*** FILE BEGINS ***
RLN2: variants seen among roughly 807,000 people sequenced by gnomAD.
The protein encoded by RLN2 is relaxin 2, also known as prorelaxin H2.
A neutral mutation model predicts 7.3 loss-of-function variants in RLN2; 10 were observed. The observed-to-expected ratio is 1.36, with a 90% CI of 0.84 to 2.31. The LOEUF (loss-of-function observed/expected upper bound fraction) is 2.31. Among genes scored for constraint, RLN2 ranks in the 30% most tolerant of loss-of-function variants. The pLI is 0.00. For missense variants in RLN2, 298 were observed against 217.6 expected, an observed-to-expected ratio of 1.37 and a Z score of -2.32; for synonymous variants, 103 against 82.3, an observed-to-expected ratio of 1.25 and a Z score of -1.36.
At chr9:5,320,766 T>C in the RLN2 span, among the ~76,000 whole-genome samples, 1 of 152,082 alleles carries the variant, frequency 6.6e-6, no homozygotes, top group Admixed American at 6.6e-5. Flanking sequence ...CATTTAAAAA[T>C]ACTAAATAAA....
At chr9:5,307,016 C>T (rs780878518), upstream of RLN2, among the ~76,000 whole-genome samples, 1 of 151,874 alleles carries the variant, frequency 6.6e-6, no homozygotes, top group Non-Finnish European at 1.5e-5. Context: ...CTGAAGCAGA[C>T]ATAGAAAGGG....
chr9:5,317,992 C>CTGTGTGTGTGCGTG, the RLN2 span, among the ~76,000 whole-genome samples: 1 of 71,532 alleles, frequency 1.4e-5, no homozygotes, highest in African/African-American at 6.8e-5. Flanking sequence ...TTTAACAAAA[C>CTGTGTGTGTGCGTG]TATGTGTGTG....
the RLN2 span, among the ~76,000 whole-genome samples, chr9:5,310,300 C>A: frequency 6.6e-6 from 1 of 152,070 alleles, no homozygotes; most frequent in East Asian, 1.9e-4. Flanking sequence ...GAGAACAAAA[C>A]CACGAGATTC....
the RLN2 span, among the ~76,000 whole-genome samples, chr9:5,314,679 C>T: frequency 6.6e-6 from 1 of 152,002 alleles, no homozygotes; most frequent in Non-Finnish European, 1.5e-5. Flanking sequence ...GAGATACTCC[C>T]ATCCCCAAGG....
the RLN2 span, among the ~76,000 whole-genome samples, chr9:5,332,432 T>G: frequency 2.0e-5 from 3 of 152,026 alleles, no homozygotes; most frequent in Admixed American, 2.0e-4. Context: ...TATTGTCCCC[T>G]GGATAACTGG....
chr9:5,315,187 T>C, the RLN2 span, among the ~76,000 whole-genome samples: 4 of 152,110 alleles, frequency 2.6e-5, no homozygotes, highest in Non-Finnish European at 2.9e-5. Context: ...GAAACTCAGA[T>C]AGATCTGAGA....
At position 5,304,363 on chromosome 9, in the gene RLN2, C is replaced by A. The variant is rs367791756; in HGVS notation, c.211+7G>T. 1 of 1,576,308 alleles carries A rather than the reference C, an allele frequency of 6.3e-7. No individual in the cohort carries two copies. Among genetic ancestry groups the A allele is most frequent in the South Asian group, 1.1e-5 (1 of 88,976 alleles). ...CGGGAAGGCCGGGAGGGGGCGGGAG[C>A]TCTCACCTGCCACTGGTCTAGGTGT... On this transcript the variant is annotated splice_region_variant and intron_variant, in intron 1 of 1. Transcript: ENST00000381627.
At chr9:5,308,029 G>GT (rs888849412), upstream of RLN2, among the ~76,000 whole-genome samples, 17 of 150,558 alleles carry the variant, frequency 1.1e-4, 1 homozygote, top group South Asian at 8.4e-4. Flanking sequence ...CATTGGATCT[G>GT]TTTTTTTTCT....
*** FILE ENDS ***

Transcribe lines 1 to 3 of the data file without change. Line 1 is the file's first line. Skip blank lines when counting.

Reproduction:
RLN2: variants seen among roughly 807,000 people sequenced by gnomAD.
The protein encoded by RLN2 is relaxin 2, also known as prorelaxin H2.
A neutral mutation model predicts 7.3 loss-of-function variants in RLN2; 10 were observed. The observed-to-expected ratio is 1.36, with a 90% CI of 0.84 to 2.31. The LOEUF (loss-of-function observed/expected upper bound fraction) is 2.31. Among genes scored for constraint, RLN2 ranks in the 30% most tolerant of loss-of-function variants. The pLI is 0.00. For missense variants in RLN2, 298 were observed against 217.6 expected, an observed-to-expected ratio of 1.37 and a Z score of -2.32; for synonymous variants, 103 against 82.3, an observed-to-expected ratio of 1.25 and a Z score of -1.36.